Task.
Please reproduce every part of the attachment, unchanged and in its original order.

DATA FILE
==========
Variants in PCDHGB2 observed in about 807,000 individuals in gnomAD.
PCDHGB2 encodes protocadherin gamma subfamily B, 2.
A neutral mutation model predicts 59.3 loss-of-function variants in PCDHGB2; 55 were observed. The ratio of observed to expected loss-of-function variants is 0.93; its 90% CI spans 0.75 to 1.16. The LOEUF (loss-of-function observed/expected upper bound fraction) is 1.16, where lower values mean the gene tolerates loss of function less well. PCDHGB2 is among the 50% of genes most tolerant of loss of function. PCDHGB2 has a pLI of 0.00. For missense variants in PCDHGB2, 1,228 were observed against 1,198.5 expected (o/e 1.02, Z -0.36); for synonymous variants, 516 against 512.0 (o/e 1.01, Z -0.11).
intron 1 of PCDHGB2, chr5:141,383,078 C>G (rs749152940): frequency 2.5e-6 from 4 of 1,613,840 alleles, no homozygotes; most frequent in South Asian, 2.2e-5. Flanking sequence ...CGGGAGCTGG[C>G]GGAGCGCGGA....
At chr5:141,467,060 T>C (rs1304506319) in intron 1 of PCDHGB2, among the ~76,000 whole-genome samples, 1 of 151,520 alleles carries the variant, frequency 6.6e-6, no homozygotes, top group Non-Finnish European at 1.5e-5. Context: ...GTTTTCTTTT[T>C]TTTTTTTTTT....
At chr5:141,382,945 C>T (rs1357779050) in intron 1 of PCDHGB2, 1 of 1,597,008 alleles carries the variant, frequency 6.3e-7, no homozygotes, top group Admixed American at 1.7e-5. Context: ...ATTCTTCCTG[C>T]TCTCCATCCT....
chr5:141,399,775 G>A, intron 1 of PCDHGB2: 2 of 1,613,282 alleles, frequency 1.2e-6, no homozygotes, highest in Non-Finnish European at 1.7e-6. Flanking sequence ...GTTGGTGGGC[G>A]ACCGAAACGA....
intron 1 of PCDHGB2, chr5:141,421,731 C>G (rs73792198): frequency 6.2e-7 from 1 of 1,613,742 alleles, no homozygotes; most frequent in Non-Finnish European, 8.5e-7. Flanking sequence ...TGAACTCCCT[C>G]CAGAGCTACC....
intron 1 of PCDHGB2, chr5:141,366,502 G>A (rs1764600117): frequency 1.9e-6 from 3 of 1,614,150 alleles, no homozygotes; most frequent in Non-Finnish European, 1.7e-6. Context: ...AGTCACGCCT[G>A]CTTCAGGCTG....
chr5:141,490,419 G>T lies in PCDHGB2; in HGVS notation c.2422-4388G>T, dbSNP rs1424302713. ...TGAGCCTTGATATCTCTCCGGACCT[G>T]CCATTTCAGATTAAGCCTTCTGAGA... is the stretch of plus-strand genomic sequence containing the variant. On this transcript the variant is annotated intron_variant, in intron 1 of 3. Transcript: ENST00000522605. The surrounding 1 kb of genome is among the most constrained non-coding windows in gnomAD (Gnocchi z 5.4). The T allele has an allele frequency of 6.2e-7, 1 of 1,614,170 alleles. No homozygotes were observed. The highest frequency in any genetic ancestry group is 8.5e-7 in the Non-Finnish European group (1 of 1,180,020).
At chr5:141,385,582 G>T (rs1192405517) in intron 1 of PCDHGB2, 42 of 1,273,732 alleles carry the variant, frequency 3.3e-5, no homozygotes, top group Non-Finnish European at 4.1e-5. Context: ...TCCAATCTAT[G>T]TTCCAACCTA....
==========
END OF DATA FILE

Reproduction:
Variants in PCDHGB2 observed in about 807,000 individuals in gnomAD.
PCDHGB2 encodes protocadherin gamma subfamily B, 2.
A neutral mutation model predicts 59.3 loss-of-function variants in PCDHGB2; 55 were observed. The ratio of observed to expected loss-of-function variants is 0.93; its 90% CI spans 0.75 to 1.16. The LOEUF (loss-of-function observed/expected upper bound fraction) is 1.16, where lower values mean the gene tolerates loss of function less well. PCDHGB2 is among the 50% of genes most tolerant of loss of function. PCDHGB2 has a pLI of 0.00. For missense variants in PCDHGB2, 1,228 were observed against 1,198.5 expected (o/e 1.02, Z -0.36); for synonymous variants, 516 against 512.0 (o/e 1.01, Z -0.11).
intron 1 of PCDHGB2, chr5:141,383,078 C>G (rs749152940): frequency 2.5e-6 from 4 of 1,613,840 alleles, no homozygotes; most frequent in South Asian, 2.2e-5. Flanking sequence ...CGGGAGCTGG[C>G]GGAGCGCGGA....
At chr5:141,467,060 T>C (rs1304506319) in intron 1 of PCDHGB2, among the ~76,000 whole-genome samples, 1 of 151,520 alleles carries the variant, frequency 6.6e-6, no homozygotes, top group Non-Finnish European at 1.5e-5. Context: ...GTTTTCTTTT[T>C]TTTTTTTTTT....
At chr5:141,382,945 C>T (rs1357779050) in intron 1 of PCDHGB2, 1 of 1,597,008 alleles carries the variant, frequency 6.3e-7, no homozygotes, top group Admixed American at 1.7e-5. Context: ...ATTCTTCCTG[C>T]TCTCCATCCT....
chr5:141,399,775 G>A, intron 1 of PCDHGB2: 2 of 1,613,282 alleles, frequency 1.2e-6, no homozygotes, highest in Non-Finnish European at 1.7e-6. Flanking sequence ...GTTGGTGGGC[G>A]ACCGAAACGA....
intron 1 of PCDHGB2, chr5:141,421,731 C>G (rs73792198): frequency 6.2e-7 from 1 of 1,613,742 alleles, no homozygotes; most frequent in Non-Finnish European, 8.5e-7. Flanking sequence ...TGAACTCCCT[C>G]CAGAGCTACC....
intron 1 of PCDHGB2, chr5:141,366,502 G>A (rs1764600117): frequency 1.9e-6 from 3 of 1,614,150 alleles, no homozygotes; most frequent in Non-Finnish European, 1.7e-6. Context: ...AGTCACGCCT[G>A]CTTCAGGCTG....
chr5:141,490,419 G>T lies in PCDHGB2; in HGVS notation c.2422-4388G>T, dbSNP rs1424302713. ...TGAGCCTTGATATCTCTCCGGACCT[G>T]CCATTTCAGATTAAGCCTTCTGAGA... is the stretch of plus-strand genomic sequence containing the variant. On this transcript the variant is annotated intron_variant, in intron 1 of 3. Transcript: ENST00000522605. The surrounding 1 kb of genome is among the most constrained non-coding windows in gnomAD (Gnocchi z 5.4). The T allele has an allele frequency of 6.2e-7, 1 of 1,614,170 alleles. No homozygotes were observed. The highest frequency in any genetic ancestry group is 8.5e-7 in the Non-Finnish European group (1 of 1,180,020).
At chr5:141,385,582 G>T (rs1192405517) in intron 1 of PCDHGB2, 42 of 1,273,732 alleles carry the variant, frequency 3.3e-5, no homozygotes, top group Non-Finnish European at 4.1e-5. Context: ...TCCAATCTAT[G>T]TTCCAACCTA....